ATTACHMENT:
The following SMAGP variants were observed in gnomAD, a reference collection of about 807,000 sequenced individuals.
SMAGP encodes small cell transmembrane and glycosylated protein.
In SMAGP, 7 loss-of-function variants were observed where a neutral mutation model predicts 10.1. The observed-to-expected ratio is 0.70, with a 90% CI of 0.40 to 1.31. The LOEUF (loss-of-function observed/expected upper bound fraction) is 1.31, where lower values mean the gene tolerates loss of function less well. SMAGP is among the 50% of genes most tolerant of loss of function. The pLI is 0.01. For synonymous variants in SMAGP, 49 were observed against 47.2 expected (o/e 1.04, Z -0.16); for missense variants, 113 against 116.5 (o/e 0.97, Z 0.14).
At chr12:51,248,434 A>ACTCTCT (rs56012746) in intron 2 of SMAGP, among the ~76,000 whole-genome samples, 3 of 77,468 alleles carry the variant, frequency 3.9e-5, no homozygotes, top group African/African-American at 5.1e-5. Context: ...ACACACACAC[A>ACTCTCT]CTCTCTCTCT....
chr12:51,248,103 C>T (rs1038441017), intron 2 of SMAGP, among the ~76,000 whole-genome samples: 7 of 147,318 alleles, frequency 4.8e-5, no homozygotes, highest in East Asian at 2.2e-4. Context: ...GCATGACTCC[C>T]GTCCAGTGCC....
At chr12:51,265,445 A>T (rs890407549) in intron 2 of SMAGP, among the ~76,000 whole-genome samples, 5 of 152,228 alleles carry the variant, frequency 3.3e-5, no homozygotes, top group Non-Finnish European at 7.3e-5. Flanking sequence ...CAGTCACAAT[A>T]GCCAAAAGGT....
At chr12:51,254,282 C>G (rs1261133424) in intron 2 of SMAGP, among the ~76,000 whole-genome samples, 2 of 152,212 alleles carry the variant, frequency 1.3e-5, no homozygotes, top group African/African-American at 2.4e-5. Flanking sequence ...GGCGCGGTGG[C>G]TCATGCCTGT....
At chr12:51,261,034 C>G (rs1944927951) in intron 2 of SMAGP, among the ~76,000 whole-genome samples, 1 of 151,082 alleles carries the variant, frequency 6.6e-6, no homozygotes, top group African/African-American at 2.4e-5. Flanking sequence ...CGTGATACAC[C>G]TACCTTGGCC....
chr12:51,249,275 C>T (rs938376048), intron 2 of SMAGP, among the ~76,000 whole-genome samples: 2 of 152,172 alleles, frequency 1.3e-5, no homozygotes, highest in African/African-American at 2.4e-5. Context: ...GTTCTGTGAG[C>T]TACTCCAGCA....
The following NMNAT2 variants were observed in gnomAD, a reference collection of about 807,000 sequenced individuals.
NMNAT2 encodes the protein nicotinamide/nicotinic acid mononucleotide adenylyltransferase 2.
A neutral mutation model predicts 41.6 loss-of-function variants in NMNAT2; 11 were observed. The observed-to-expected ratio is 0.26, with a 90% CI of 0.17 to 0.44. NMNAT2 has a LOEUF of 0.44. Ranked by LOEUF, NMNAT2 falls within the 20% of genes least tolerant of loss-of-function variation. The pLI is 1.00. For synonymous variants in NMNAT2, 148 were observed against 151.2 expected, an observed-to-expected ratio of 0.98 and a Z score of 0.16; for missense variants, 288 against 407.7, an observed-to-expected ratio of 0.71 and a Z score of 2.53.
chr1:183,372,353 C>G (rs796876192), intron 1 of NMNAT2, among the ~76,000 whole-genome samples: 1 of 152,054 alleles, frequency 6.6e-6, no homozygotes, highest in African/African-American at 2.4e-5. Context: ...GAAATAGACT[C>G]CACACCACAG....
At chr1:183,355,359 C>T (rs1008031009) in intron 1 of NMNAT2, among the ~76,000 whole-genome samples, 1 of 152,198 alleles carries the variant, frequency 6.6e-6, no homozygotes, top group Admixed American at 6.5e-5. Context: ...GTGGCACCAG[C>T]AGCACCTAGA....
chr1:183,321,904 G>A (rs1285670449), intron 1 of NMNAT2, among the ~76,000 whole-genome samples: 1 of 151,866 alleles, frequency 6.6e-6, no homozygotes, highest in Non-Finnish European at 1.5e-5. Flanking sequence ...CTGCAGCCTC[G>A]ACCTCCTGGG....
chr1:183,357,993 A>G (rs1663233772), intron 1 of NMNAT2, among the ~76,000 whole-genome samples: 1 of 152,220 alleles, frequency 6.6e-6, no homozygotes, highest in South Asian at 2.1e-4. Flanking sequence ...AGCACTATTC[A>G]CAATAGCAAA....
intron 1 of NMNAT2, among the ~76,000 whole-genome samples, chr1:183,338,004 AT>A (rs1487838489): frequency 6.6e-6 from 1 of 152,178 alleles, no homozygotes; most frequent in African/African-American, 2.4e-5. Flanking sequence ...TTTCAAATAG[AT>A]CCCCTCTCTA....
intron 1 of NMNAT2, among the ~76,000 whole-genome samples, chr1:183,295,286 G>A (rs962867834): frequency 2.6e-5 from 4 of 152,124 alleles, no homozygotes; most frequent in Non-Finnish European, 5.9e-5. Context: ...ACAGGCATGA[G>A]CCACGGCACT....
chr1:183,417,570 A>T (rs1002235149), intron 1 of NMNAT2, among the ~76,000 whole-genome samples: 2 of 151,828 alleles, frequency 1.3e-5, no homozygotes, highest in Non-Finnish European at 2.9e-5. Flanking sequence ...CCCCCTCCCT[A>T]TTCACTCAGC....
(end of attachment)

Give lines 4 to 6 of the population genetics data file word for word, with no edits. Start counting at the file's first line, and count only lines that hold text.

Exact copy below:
At chr12:51,248,434 A>ACTCTCT (rs56012746) in intron 2 of SMAGP, among the ~76,000 whole-genome samples, 3 of 77,468 alleles carry the variant, frequency 3.9e-5, no homozygotes, top group African/African-American at 5.1e-5. Context: ...ACACACACAC[A>ACTCTCT]CTCTCTCTCT....
chr12:51,248,103 C>T (rs1038441017), intron 2 of SMAGP, among the ~76,000 whole-genome samples: 7 of 147,318 alleles, frequency 4.8e-5, no homozygotes, highest in East Asian at 2.2e-4. Context: ...GCATGACTCC[C>T]GTCCAGTGCC....
At chr12:51,265,445 A>T (rs890407549) in intron 2 of SMAGP, among the ~76,000 whole-genome samples, 5 of 152,228 alleles carry the variant, frequency 3.3e-5, no homozygotes, top group Non-Finnish European at 7.3e-5. Flanking sequence ...CAGTCACAAT[A>T]GCCAAAAGGT....